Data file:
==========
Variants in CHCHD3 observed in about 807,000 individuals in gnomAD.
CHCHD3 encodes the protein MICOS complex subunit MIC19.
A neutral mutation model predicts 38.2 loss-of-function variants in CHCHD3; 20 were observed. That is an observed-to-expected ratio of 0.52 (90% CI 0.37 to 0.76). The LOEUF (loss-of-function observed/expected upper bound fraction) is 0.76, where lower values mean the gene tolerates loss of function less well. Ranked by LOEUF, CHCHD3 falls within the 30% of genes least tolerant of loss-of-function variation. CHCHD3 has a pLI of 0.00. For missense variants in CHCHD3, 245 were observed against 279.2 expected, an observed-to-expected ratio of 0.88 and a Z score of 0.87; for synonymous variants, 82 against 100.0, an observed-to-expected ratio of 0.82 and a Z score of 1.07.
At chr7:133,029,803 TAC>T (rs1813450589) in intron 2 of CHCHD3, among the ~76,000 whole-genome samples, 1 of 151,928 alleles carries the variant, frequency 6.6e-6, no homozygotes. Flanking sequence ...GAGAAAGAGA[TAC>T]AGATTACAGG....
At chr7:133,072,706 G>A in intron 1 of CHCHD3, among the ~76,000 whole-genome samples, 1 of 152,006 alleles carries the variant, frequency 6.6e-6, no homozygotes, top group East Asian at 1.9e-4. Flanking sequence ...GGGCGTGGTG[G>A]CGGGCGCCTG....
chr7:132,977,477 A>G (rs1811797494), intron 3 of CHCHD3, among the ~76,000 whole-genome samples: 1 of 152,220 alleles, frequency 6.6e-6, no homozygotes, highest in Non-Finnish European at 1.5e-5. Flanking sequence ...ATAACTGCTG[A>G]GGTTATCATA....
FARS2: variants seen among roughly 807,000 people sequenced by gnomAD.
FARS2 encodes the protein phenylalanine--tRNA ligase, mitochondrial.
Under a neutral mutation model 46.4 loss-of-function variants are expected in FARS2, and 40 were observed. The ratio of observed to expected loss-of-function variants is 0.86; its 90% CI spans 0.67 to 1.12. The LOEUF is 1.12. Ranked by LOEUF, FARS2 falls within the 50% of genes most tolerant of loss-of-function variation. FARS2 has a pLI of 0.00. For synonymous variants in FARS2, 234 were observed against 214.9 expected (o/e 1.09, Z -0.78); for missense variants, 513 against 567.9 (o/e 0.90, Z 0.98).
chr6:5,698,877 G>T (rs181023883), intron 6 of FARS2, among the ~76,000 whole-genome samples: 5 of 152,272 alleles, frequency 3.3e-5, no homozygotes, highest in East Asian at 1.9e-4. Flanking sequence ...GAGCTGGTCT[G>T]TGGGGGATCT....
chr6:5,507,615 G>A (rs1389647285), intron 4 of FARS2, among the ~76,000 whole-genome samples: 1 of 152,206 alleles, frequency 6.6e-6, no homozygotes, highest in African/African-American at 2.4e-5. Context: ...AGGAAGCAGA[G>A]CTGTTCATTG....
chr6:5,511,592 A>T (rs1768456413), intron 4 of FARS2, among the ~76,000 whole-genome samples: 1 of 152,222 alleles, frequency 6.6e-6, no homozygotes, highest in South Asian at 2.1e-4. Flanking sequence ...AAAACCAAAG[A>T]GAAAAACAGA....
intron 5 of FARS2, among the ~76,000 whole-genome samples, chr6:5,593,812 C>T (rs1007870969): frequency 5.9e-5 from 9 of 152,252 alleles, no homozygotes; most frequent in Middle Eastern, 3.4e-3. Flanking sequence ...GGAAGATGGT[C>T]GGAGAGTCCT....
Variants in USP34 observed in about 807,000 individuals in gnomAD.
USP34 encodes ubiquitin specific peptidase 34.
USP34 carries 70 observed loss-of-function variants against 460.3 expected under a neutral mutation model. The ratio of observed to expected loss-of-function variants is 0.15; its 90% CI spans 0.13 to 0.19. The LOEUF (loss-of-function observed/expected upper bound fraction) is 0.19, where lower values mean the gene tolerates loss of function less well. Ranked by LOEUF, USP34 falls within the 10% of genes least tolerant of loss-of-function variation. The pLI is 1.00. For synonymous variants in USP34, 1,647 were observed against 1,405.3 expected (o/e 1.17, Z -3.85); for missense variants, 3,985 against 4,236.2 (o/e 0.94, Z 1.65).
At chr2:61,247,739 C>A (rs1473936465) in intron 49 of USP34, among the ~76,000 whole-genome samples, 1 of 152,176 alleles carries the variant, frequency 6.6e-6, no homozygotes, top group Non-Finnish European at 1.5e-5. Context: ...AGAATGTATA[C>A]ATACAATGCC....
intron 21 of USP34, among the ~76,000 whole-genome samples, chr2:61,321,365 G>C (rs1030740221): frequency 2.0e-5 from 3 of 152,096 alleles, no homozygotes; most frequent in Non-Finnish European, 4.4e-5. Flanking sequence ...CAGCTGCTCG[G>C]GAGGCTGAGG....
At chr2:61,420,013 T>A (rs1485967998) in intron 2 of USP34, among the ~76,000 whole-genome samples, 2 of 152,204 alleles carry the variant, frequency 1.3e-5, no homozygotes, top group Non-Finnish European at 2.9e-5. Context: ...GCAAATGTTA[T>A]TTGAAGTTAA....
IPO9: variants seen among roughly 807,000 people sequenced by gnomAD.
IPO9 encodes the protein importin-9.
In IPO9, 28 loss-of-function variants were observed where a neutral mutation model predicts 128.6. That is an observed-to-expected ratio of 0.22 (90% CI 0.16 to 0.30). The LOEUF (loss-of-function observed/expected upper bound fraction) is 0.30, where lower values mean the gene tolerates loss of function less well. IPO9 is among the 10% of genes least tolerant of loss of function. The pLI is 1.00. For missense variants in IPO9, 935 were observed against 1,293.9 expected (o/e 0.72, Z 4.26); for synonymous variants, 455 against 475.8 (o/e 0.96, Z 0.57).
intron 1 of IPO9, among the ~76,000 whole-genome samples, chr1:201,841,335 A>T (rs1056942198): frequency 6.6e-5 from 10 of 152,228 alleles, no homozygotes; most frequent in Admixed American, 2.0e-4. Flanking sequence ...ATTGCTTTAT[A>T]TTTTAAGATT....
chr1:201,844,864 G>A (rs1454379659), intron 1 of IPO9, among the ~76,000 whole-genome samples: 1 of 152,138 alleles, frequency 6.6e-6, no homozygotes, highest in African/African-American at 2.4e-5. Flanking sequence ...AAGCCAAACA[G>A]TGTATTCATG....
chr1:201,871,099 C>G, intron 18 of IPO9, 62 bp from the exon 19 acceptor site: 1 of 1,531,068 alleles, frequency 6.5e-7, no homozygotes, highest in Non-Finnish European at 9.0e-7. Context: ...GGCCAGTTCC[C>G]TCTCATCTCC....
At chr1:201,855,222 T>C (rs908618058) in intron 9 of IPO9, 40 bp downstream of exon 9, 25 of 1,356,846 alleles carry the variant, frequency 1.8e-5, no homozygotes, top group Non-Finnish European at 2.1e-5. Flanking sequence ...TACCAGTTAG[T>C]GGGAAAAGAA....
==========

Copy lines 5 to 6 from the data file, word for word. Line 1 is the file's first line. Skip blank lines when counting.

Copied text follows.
At chr7:133,072,706 G>A in intron 1 of CHCHD3, among the ~76,000 whole-genome samples, 1 of 152,006 alleles carries the variant, frequency 6.6e-6, no homozygotes, top group East Asian at 1.9e-4. Flanking sequence ...GGGCGTGGTG[G>A]CGGGCGCCTG....
chr7:132,977,477 A>G (rs1811797494), intron 3 of CHCHD3, among the ~76,000 whole-genome samples: 1 of 152,220 alleles, frequency 6.6e-6, no homozygotes, highest in Non-Finnish European at 1.5e-5. Flanking sequence ...ATAACTGCTG[A>G]GGTTATCATA....